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8 design, selection of materials to inadequate compaction of the pavement or underlying layers, during construction may cause rutting. 2.2.1 Types of Rutting Rutting usually manifests as a depressed channel in the wheelpath on the surface of the pavement. The process through which it occurs can classify the types of rutting. These are densification, shoving, and raveling. 2.2.1.1 Rutting by densification Densification rutting occurs when there is additional compaction in the pavement surface or in any of the underlying layers (base, subbase or subgrade) after the road is open to traffic. The surface may undergo further compaction under traffic loading resulting in rutting when compaction is inadequate during construction of the pavement. Asphalt concrete pavements are usually constructed at initial air void content of 7-8%. It is anticipated that further compaction of the pavement will occur under traffic to around 4% air voids, after which conditions may stabilize. Densification, in general, is not a problem if the asphalt surface is uniformly compacted by traffic. However, with channelized traffic flow, most of the densification occurs in the wheelpath, creating longitudinal ruts. The base or subbase may undergo further compaction resulting in rutting of the pavement surface when there is inadequate compaction of these layers during construction or when the pavement surface is under designed or when there is poor subsurface drainage. The subgrade may also undergo compaction resulting in rutting when there is inadequate pavement structure above it to reduce the subgrade vertical stress/strain to allowable limits.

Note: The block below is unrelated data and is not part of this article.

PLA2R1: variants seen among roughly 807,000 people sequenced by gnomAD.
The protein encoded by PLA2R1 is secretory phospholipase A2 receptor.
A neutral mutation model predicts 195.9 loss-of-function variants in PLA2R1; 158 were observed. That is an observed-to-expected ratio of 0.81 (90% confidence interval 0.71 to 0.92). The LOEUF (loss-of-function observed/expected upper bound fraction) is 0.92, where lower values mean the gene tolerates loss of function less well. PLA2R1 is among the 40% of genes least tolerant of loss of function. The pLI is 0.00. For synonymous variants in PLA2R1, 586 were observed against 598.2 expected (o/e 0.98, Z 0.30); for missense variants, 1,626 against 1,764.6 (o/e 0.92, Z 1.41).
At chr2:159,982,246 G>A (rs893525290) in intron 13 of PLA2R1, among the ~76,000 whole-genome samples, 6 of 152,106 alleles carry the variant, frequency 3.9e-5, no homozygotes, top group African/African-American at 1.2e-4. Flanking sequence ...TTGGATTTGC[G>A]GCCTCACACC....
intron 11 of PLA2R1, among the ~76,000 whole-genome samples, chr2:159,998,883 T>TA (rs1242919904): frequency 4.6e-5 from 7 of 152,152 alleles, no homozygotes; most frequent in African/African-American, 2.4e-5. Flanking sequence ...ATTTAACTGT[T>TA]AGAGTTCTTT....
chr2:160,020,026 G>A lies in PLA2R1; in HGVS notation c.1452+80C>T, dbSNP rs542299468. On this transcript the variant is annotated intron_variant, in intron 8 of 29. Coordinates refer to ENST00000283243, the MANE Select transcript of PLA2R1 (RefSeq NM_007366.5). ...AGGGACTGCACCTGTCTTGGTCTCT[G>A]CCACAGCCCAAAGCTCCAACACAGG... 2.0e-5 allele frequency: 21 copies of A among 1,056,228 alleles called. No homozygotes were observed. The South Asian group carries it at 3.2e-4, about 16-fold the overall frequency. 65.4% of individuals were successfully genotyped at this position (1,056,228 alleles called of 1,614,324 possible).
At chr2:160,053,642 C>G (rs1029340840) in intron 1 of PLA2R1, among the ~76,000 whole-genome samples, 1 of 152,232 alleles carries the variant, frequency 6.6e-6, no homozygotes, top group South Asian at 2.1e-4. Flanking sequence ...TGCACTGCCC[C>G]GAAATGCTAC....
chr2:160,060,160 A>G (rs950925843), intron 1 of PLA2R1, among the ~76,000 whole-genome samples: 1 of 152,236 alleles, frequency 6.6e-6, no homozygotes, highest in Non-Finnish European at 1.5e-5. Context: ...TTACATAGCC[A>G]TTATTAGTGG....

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9 Weak and yielding layers below the pavement structure may subside from traffic loading resulting in subsidence ruts. These tend to be fairly wide (750-1000 mm) with a shallow sloping saucer shape cross section [1]. This study mainly focused on rutting in the asphalt layer (topmost layer). 2.2.1.2 Rutting by raveling This is a type of rutting caused by the loss of material in the wheelpath. Dislodgement of individual aggregate particles under the action of tires occurs when there is inadequate compaction, low asphalt content or excessive aging of the asphalt binder, which usually result in loss of adhesion between the aggregates and the asphalt binder. Ruts caused by raveling tend to be dry, ragged looking and non-uniform. Rut resulting from the loss of surface material may also be due to abrasion. In this situation aggregate particles wear out if traffic conditions are too abrasive or the aggregates are soft. These ruts are continuous with more resistant aggregates particles exposed and sticking out in the wheelpaths [1]. 2.2.1.3 Rutting by shoving At low air void contents (less than 4%) shear deformation may occur within the asphalt mixture under traffic loading. In this situation pavement material is laterally displaced along shear planes within the mixture, which shows signs of mixture instability. Shoving may be transverse or longitudinal. The rut is usually seen as depression in the loaded area in the wheel path and ridges appear along both edges of the wheelpaths [1]. Shear deformation is usually caused by lack of resistance to shear stresses generated in the pavement surface from tire pressures. This lack of shear resistance of the mixture has been observed by some researchers to be dependent on asphalt type, asphalt content and weak aggregate skeleton. Temperature and rate of loading as well as the magnitude of